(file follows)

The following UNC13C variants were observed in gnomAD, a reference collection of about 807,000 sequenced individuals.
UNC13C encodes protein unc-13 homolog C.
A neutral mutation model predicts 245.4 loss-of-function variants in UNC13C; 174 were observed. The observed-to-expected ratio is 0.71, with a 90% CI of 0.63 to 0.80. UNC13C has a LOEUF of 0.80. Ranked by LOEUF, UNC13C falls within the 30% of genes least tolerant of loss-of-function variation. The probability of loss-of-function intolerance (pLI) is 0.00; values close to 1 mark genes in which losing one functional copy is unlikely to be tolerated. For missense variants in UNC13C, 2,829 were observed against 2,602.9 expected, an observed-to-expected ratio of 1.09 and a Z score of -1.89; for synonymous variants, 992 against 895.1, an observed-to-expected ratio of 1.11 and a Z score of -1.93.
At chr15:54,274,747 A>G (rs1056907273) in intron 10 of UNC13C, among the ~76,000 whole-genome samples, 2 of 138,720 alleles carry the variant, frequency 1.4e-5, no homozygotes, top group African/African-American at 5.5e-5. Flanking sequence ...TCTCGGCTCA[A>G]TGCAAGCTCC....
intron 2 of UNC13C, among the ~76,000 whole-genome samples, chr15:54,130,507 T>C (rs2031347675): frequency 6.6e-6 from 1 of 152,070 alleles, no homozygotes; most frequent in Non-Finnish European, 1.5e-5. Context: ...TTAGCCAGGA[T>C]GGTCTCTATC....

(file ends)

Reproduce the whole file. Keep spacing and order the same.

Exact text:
The following UNC13C variants were observed in gnomAD, a reference collection of about 807,000 sequenced individuals.
UNC13C encodes protein unc-13 homolog C.
A neutral mutation model predicts 245.4 loss-of-function variants in UNC13C; 174 were observed. The observed-to-expected ratio is 0.71, with a 90% CI of 0.63 to 0.80. UNC13C has a LOEUF of 0.80. Ranked by LOEUF, UNC13C falls within the 30% of genes least tolerant of loss-of-function variation. The probability of loss-of-function intolerance (pLI) is 0.00; values close to 1 mark genes in which losing one functional copy is unlikely to be tolerated. For missense variants in UNC13C, 2,829 were observed against 2,602.9 expected, an observed-to-expected ratio of 1.09 and a Z score of -1.89; for synonymous variants, 992 against 895.1, an observed-to-expected ratio of 1.11 and a Z score of -1.93.
At chr15:54,274,747 A>G (rs1056907273) in intron 10 of UNC13C, among the ~76,000 whole-genome samples, 2 of 138,720 alleles carry the variant, frequency 1.4e-5, no homozygotes, top group African/African-American at 5.5e-5. Flanking sequence ...TCTCGGCTCA[A>G]TGCAAGCTCC....
intron 2 of UNC13C, among the ~76,000 whole-genome samples, chr15:54,130,507 T>C (rs2031347675): frequency 6.6e-6 from 1 of 152,070 alleles, no homozygotes; most frequent in Non-Finnish European, 1.5e-5. Context: ...TTAGCCAGGA[T>C]GGTCTCTATC....